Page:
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A menhir (from Brittonic languages: maen or men, "stone" and hir or hîr, "long"), standing stone, orthostat, or lith is a large human-made upright stone, typically dating from the European middle Bronze Age. They can be found individually as monoliths, or as part of a group of similar stones. Menhirs' size can vary considerably, but they often taper toward the top.
They are widely distributed across Europe, Africa and Asia, but are most numerous in Western Europe; particularly in Ireland, Great Britain, and Brittany, where there are about 50,000 examples, and northwestern France, where there are some 1,200 further examples. Standing stones are usually difficult to date. They were constructed during many different periods across pre-history as part of the larger megalithic cultures in Europe and near areas.
Some menhirs stand next to buildings that have an early or current religious significance. One example is the South Zeal Menhir in Devon, which formed the basis for a 12th-century monastery built by lay monks. The monastery later became the Oxenham Arms hotel, at South Zeal, and the standing stone remains in place in the snug bar at the hotel.
Where menhirs appear in groups, often in a circular, oval, henge or horseshoe formation, they are sometimes called megalithic monuments. These are sites of ancient religious ceremonies, sometimes containing burial chambers. The exact function of menhirs has provoked more debate than practically any other issue in European pre-history. Over the centuries, they have variously been thought to have been used by Druids for human sacrifice, used as territorial markers, or elements of a complex ideological system, used as mnemonic systems for oral cultures, or functioned as early calendars. Until the nineteenth century, antiquarians did not have substantial knowledge of prehistory, and their only reference points were provided by classical literature. The developments of radiocarbon dating and dendrochronology have significantly advanced scientific knowledge in this area.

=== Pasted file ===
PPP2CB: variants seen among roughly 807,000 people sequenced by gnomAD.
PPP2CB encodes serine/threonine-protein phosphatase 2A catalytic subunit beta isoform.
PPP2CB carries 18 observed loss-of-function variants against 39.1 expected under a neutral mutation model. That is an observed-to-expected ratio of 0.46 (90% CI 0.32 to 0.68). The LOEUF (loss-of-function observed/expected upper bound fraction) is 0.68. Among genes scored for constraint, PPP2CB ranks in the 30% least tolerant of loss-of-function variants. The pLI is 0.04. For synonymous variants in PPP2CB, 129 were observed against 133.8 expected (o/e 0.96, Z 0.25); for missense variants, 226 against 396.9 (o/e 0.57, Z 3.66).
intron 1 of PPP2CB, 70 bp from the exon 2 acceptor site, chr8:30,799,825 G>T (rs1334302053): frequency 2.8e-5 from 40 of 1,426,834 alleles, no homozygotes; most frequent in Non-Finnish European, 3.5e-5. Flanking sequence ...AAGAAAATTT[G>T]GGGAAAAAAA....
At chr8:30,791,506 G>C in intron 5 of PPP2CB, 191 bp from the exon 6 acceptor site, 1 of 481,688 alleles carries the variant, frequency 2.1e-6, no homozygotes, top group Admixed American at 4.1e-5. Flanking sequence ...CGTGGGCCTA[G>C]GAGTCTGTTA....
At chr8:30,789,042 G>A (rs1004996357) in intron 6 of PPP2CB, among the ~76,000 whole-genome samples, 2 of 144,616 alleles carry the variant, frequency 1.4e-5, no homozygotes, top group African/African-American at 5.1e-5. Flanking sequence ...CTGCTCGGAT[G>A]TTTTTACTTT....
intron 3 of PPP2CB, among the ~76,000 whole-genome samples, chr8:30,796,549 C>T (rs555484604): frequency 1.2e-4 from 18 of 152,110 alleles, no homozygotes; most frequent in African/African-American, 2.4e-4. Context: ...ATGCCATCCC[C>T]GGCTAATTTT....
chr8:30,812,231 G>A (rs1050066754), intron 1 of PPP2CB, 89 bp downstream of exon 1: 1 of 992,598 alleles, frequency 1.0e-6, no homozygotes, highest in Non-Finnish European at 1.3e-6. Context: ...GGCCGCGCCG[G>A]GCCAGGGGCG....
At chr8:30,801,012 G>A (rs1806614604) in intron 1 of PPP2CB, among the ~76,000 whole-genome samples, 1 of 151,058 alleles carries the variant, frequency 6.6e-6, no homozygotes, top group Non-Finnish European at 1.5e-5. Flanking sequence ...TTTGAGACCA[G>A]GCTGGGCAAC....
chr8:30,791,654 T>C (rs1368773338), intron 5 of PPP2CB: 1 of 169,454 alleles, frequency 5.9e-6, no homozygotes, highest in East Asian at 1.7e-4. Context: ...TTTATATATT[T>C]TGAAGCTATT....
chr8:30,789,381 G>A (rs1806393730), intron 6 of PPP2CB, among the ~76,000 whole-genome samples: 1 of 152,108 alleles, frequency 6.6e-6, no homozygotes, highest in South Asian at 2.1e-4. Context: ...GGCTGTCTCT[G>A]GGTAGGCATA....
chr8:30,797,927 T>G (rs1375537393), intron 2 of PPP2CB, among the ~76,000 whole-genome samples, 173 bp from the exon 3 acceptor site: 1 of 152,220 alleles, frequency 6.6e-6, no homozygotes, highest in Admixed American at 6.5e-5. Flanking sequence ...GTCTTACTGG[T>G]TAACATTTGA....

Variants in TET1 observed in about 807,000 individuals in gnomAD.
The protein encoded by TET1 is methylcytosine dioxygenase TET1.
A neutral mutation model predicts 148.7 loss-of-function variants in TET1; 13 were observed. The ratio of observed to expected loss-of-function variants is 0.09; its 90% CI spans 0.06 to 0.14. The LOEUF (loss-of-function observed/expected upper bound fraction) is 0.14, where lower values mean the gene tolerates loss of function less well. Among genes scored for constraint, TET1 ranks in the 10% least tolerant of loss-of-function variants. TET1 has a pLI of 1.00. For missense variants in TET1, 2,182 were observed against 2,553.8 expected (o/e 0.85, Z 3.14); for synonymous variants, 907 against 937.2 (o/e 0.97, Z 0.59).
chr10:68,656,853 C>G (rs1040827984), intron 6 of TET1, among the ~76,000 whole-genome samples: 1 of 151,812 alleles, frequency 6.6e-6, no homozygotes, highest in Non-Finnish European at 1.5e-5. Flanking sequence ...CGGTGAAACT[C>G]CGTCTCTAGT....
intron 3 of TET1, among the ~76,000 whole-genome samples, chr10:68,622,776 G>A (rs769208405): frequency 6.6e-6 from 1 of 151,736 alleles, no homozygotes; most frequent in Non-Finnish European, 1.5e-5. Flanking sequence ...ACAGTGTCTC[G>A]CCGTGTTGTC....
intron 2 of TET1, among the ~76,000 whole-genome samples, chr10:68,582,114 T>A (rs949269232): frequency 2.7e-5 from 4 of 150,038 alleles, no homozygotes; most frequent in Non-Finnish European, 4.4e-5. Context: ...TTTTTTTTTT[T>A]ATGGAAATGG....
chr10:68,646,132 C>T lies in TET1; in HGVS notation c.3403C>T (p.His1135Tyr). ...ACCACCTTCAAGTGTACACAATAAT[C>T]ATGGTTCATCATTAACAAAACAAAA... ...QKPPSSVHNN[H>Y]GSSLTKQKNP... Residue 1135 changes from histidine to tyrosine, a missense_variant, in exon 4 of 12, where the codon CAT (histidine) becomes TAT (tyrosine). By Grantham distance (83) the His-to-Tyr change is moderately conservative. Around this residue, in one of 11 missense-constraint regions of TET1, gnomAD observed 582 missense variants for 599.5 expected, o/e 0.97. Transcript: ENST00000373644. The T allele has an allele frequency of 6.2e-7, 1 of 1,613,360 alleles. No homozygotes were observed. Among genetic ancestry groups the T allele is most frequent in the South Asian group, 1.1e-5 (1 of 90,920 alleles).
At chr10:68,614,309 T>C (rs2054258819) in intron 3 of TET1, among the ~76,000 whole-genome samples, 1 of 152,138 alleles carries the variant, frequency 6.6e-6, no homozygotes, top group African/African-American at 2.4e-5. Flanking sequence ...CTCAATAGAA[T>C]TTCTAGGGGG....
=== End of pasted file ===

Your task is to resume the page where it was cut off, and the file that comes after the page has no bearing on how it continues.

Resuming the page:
The word menhir was adopted from French by 19th-century archaeologists. The introduction of the word into general archaeological usage has been attributed to the 18th-century French military officer Théophile Corret de la Tour d'Auvergne. It is a combination of two words of the Breton language: maen and hir. In modern Welsh, they are described as maen hir, or "long stone". In modern Breton, the word peulvan is used, with peul meaning "stake" or "post" and van which is a soft mutation of the word maen which means "stone". In Germany and Scandinavia the word Bauta is used (e.g. de:Bautastein and no:bautastein) and this occasionally makes its way into English with the term "bauta stone".